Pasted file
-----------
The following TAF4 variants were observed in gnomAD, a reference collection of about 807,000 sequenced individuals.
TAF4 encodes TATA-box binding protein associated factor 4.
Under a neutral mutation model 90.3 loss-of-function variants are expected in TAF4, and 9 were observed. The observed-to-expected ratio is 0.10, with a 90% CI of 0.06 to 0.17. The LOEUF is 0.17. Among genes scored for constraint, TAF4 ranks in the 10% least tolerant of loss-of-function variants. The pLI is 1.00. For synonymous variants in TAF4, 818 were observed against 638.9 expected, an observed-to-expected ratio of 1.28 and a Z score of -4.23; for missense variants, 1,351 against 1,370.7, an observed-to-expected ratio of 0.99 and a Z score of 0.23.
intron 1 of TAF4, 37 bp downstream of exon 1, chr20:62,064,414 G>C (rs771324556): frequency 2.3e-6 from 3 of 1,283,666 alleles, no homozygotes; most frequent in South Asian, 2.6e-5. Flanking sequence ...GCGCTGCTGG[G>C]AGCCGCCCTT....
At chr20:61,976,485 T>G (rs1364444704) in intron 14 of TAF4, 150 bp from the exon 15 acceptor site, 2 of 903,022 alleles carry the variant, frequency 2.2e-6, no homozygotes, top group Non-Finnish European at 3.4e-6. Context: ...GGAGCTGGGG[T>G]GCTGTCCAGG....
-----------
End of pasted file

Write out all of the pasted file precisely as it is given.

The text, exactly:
The following TAF4 variants were observed in gnomAD, a reference collection of about 807,000 sequenced individuals.
TAF4 encodes TATA-box binding protein associated factor 4.
Under a neutral mutation model 90.3 loss-of-function variants are expected in TAF4, and 9 were observed. The observed-to-expected ratio is 0.10, with a 90% CI of 0.06 to 0.17. The LOEUF is 0.17. Among genes scored for constraint, TAF4 ranks in the 10% least tolerant of loss-of-function variants. The pLI is 1.00. For synonymous variants in TAF4, 818 were observed against 638.9 expected, an observed-to-expected ratio of 1.28 and a Z score of -4.23; for missense variants, 1,351 against 1,370.7, an observed-to-expected ratio of 0.99 and a Z score of 0.23.
intron 1 of TAF4, 37 bp downstream of exon 1, chr20:62,064,414 G>C (rs771324556): frequency 2.3e-6 from 3 of 1,283,666 alleles, no homozygotes; most frequent in South Asian, 2.6e-5. Flanking sequence ...GCGCTGCTGG[G>C]AGCCGCCCTT....
At chr20:61,976,485 T>G (rs1364444704) in intron 14 of TAF4, 150 bp from the exon 15 acceptor site, 2 of 903,022 alleles carry the variant, frequency 2.2e-6, no homozygotes, top group Non-Finnish European at 3.4e-6. Context: ...GGAGCTGGGG[T>G]GCTGTCCAGG....